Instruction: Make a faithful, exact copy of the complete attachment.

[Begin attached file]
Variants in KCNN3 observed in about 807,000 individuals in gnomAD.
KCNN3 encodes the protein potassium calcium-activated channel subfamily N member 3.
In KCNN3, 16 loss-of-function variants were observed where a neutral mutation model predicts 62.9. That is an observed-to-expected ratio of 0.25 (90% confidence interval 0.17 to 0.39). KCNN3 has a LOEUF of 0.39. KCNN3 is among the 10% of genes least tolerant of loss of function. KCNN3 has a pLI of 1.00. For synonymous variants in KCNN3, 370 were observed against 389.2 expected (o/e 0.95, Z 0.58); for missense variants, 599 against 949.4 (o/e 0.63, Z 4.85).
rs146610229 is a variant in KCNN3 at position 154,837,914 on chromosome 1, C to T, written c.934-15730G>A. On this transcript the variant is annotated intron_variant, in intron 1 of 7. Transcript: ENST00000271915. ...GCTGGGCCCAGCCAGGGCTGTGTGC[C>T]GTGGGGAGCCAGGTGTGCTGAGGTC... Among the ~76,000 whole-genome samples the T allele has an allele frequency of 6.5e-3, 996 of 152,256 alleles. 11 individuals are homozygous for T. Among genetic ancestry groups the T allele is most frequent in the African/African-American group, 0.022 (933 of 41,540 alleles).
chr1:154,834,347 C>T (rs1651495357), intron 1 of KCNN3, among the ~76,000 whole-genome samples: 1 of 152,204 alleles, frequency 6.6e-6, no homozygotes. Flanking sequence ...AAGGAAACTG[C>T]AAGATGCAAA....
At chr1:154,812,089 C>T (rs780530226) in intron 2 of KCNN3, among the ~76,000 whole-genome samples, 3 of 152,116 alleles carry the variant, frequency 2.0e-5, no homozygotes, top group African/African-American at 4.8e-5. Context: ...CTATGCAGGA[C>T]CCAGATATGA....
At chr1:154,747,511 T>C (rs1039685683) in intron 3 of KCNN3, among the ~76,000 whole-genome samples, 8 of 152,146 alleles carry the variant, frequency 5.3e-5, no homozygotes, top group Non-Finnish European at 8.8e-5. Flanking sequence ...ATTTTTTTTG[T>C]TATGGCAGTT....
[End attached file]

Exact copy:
Variants in KCNN3 observed in about 807,000 individuals in gnomAD.
KCNN3 encodes the protein potassium calcium-activated channel subfamily N member 3.
In KCNN3, 16 loss-of-function variants were observed where a neutral mutation model predicts 62.9. That is an observed-to-expected ratio of 0.25 (90% confidence interval 0.17 to 0.39). KCNN3 has a LOEUF of 0.39. KCNN3 is among the 10% of genes least tolerant of loss of function. KCNN3 has a pLI of 1.00. For synonymous variants in KCNN3, 370 were observed against 389.2 expected (o/e 0.95, Z 0.58); for missense variants, 599 against 949.4 (o/e 0.63, Z 4.85).
rs146610229 is a variant in KCNN3 at position 154,837,914 on chromosome 1, C to T, written c.934-15730G>A. On this transcript the variant is annotated intron_variant, in intron 1 of 7. Transcript: ENST00000271915. ...GCTGGGCCCAGCCAGGGCTGTGTGC[C>T]GTGGGGAGCCAGGTGTGCTGAGGTC... Among the ~76,000 whole-genome samples the T allele has an allele frequency of 6.5e-3, 996 of 152,256 alleles. 11 individuals are homozygous for T. Among genetic ancestry groups the T allele is most frequent in the African/African-American group, 0.022 (933 of 41,540 alleles).
chr1:154,834,347 C>T (rs1651495357), intron 1 of KCNN3, among the ~76,000 whole-genome samples: 1 of 152,204 alleles, frequency 6.6e-6, no homozygotes. Flanking sequence ...AAGGAAACTG[C>T]AAGATGCAAA....
At chr1:154,812,089 C>T (rs780530226) in intron 2 of KCNN3, among the ~76,000 whole-genome samples, 3 of 152,116 alleles carry the variant, frequency 2.0e-5, no homozygotes, top group African/African-American at 4.8e-5. Context: ...CTATGCAGGA[C>T]CCAGATATGA....
At chr1:154,747,511 T>C (rs1039685683) in intron 3 of KCNN3, among the ~76,000 whole-genome samples, 8 of 152,146 alleles carry the variant, frequency 5.3e-5, no homozygotes, top group Non-Finnish European at 8.8e-5. Flanking sequence ...ATTTTTTTTG[T>C]TATGGCAGTT....